Subjects: Tax cuts; Agricultural trespass; AFP Raids; Cottesloe beach development
GARY ADSHEAD: And Attorney General, Christian Porter's taken time out of his busy schedule today as parliament gets back into shape this week and joins us on the line. G’day Christian.
ATTORNEY-GENERAL: Morning Gary.
GARY ADSHEAD: Okay. Just firstly, any update on tax cuts mate? Where that's at?
ATTORNEY-GENERAL: So, in the Senate as we speak we're confident that it will go through the Senate, but the bottom line is that everyone in the house has been instructed to stay late and if we need to stay late we will be debating them until they're done.
GARY ADSHEAD: Okay. Was a deal done with Jacqui Lambie, have you heard?
ATTORNEY-GENERAL: Look I have heard that. I'm sure Senator Cormann is himself engaged in this in the Senate, but of course he works really hard with that cross bench. And look, this is something that we took to the election. It's truly reforming the tax system, 94 per cent of the people will be on the same income tax rate. We effectively end bracket creep, people get to keep more of the money they earned. We took it to a full election and it was widely endorsed. There's no reason why anyone should seriously doubt a mandate to move this through the Parliament.
GARY ADSHEAD: I agree with that. But if Jacqui Lambie holds out her hand and says well I'll give you my vote for $157 million to help out Tasmania - what do you think of that?
ATTORNEY-GENERAL: We've never engaged in that sort of horse trading. I mean, this is a fundamental matter of electoral integrity that….
GARY ADSHEAD: Christian, please. Of course the horse trading goes on.
ATTORNEY-GENERAL: …well we don't do deals of the nature that you've just described. I mean, this tax reform stands on its own merits. And whether its Jacqui Lambie or others they have to support it on its merits, of which there are many, or they have to face their own constituencies - in Jacqui's case back in Tasmania.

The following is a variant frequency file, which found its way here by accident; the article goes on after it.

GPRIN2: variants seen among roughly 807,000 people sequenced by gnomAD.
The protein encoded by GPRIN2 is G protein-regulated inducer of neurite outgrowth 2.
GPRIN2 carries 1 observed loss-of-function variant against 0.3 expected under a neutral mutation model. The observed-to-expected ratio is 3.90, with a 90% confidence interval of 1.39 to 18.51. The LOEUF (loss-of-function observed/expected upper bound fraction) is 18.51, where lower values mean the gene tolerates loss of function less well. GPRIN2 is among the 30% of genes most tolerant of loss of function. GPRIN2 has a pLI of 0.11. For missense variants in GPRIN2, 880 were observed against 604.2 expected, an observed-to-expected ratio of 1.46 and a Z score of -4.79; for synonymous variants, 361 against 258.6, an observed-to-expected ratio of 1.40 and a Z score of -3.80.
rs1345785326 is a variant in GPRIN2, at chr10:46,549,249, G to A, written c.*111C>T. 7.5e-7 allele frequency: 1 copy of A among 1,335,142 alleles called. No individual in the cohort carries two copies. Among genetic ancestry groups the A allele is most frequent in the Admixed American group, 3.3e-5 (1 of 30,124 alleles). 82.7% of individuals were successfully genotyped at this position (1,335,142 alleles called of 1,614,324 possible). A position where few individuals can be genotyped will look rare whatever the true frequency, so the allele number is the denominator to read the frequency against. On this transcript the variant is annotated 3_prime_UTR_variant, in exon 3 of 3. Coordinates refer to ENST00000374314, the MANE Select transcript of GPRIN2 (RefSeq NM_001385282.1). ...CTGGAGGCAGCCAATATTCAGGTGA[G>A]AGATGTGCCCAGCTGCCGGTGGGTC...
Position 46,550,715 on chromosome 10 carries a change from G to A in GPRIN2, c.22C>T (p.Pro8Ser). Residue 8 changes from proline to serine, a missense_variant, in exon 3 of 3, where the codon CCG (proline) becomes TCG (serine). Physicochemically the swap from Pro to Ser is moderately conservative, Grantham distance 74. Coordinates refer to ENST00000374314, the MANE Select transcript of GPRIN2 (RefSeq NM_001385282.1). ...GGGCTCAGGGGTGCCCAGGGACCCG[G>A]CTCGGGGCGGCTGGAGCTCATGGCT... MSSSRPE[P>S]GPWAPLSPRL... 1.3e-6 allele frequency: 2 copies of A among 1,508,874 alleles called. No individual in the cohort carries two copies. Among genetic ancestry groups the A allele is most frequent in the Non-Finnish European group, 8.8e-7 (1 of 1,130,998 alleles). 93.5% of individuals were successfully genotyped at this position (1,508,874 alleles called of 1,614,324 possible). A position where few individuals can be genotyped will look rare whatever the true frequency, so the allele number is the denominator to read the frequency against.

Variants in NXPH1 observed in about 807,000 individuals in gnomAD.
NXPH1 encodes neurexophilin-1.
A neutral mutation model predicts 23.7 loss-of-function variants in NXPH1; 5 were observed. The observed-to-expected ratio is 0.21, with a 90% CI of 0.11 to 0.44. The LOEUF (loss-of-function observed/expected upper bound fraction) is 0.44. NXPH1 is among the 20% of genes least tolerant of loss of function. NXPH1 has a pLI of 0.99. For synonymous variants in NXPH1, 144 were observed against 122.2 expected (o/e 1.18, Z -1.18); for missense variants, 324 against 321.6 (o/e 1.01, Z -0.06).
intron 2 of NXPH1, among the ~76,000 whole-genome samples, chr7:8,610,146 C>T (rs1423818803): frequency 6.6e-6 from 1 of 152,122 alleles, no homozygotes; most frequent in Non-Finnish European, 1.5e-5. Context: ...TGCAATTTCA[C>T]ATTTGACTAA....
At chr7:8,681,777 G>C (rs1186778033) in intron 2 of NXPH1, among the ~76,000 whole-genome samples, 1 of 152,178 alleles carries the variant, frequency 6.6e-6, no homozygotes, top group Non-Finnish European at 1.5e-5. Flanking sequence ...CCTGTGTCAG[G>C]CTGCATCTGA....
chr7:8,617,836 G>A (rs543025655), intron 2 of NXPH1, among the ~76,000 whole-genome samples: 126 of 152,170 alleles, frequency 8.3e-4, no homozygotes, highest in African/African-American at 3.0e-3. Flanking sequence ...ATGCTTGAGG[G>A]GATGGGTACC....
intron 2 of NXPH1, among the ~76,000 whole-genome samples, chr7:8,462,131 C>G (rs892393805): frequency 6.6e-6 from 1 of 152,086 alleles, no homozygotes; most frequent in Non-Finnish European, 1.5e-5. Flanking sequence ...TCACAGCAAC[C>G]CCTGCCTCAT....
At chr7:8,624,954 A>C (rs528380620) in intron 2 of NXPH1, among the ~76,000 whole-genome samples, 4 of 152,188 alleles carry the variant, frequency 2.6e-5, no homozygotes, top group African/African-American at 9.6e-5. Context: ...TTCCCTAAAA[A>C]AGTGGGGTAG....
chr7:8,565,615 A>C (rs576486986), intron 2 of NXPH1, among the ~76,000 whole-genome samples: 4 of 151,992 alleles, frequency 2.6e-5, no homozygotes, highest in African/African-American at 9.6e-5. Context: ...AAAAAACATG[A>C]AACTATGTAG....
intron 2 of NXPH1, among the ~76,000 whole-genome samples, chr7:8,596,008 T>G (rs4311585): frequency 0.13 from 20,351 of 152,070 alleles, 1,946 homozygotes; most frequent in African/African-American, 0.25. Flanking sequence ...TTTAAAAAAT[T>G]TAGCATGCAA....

GARY ADSHEAD: Hey, something that you're heavily involved in and that's the issue of trespass, the Animal Trespass Bill. Because we've all seen and had enough of vegan protesters trying to take over people's farms and properties. How's that going?
ATTORNEY-GENERAL: Yep. So that was introduced this morning. What we've done is we've created two new offences - one; an offence where if you use a carriage service, so basically if you put up a website that incites other people to trespass on agricultural land and you are reckless as to the fact that they may damage the business then you can be up for an offence just as if you were the trespasser with a 12 month term of imprisonment. And another offence which says if you use a website, for instance, to incite people to go and damage a farmer's property then you can be up for five years imprisonment.
And, I mean there are state trespass laws and the state Attorney General's been very keen to see those activated in WA for these idiots, dangerous idiots who do terrible things to the livelihood of hard working farming families. But at a Federal level we just wanted to send a very clear message and provide a deterrent to people who want to go on line and set up these websites. If you can show that those websites are designed and intended to encourage people to break the law then you've got to have a consequence for that. So it's very much part of setting out a clear deterrent to stop this sort of behaviour happening.
GARY ADSHEAD: Are you expecting any blocking in the Senate on that one?
ATTORNEY-GENERAL: Look, I would be surprised but we'll wait and see. I mean, I think that there's a pretty bipartisan support for the proposition that all these people who work incredibly hard - small businesses, often farming families - that they don't get their businesses wrecked or destroyed which, you know, there are many examples of because of people who want to impose some kind of food ideology on hard working Australian families and consumers. It's absurd.